There are people out there who don’t need these studies because their daily existence speaks to these truths.
White people, it’s time to learn to listen. Not just to studies, but to people who aren’t us. This is what it means to love. Let us learn to trust truths that we cannot live in. Let us question our own implication in these narratives. Do we get uncomfortable when we’re around large groups of black men? Do we assume that a black mother wearing hoop earrings is on welfare? Does that make us devalue her? Would we assume that a black job candidate might be less qualified than a white job candidate based on their race? We might. We could. We often do. It is ugly to admit, but it is also the truth. Studies tell us so. So do stories.
Love requires accountability. We must admit that we see race and that we see it in ways that can lead to discrimination and violence. We must hold ourselves accountable not only for sins of the past but also for the structures we uphold in the present.
Love requires honesty
The summer of 2013 has seen a reemergence of race in our national dialog thanks, in large part, to a few high-profile cases. Beyond the tragedy of Trayvon is our national response to it. With a dead black teenager on the ground, many responses have decried apparent anti-white racism as though discussing race at all is itself racist.
White people, I love you and I want to tell you the truth. There is no such thing as anti-white racism. It’s really quite simple. It doesn’t exist.
I can hear the collective outcry so let me explain. Sure, there are people out there who might not like you because you’re white. You might even get called a cracker while walking down 125th street. And it sucks, truly, to have some one hold the color of your skin against you. I might agree that disliking all white folks is bigoted. But it isn’t racist.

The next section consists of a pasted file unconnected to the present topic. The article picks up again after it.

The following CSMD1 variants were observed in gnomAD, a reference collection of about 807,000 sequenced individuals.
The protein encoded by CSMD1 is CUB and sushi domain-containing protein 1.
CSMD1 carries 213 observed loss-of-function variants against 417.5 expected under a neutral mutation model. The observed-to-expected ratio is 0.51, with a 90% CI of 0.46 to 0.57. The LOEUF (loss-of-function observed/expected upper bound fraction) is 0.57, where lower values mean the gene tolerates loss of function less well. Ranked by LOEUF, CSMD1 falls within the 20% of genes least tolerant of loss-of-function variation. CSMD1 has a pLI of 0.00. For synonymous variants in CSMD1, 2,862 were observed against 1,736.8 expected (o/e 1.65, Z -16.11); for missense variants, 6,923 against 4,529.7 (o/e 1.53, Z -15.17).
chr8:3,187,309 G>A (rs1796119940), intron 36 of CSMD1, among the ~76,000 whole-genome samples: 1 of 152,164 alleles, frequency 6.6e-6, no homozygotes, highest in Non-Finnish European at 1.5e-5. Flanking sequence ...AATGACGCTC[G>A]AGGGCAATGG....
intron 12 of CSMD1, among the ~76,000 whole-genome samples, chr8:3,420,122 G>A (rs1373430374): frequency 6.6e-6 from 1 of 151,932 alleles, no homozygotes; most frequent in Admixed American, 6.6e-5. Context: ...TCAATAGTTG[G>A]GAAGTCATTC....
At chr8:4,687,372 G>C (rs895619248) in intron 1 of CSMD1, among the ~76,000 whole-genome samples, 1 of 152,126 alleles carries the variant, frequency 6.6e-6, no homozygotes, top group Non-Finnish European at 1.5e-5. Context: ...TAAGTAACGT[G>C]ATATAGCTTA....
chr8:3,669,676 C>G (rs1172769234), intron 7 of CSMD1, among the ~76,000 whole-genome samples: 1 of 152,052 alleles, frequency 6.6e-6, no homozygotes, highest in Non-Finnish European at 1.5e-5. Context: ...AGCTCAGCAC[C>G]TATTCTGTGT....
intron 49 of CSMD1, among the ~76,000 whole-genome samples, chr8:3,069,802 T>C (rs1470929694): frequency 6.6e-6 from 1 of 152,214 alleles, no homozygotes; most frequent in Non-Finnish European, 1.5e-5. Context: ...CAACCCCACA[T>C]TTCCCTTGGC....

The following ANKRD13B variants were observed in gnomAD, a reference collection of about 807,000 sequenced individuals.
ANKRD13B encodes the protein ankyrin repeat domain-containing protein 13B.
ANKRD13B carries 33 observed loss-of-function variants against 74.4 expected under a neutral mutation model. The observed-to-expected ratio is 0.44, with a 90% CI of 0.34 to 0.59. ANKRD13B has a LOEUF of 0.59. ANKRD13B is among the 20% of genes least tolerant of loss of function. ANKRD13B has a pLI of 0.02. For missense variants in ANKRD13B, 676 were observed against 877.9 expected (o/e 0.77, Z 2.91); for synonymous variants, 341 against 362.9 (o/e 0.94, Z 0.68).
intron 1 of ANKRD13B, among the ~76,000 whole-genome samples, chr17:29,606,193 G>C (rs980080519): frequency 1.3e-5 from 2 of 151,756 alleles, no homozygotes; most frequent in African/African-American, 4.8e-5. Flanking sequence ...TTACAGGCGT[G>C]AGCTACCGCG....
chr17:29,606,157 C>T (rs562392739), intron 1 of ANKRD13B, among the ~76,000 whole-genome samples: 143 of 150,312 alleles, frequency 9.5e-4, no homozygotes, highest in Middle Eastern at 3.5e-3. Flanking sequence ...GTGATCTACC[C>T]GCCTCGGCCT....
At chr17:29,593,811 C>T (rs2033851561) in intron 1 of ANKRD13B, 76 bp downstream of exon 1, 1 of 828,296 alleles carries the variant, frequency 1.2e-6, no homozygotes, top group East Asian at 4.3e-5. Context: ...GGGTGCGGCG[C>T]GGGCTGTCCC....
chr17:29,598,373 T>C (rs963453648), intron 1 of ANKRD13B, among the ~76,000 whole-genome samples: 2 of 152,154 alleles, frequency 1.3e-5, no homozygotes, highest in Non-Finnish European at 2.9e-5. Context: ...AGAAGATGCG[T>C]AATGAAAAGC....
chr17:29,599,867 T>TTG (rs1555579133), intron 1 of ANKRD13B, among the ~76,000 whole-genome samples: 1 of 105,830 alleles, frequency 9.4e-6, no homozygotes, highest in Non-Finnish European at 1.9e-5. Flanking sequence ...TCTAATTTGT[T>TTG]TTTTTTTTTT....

Racism requires power to turn bigotry into coded difference. Anti-black and anti-white bigotry are not the same because history happened. Black people in this country were kept as slaves, and then Jim Crow happened, and that wasn’t that long ago, and then overt discrimination was in some cases illegal but it still existed in all sorts of arenas like hiring and access to housing and health care and healthy food and laws that treated crack cocaine (black and poor) differently than powdered cocaine (white and rich) in sentencing. The predatory lending that led to the 2008 financial crisis disproportionately affected black families and individuals. Blacks and whites use marijuana at the same rate, but black people are several times more likely to go be arrested for it. Anti-black bigotry is racist because there are still systems of power that consistently punish, or kill, black bodies in ways that white bodies are not punished or killed. Believe the studies. Or believe the stories. Either way, it’s time to reckon with the truth.
We need to change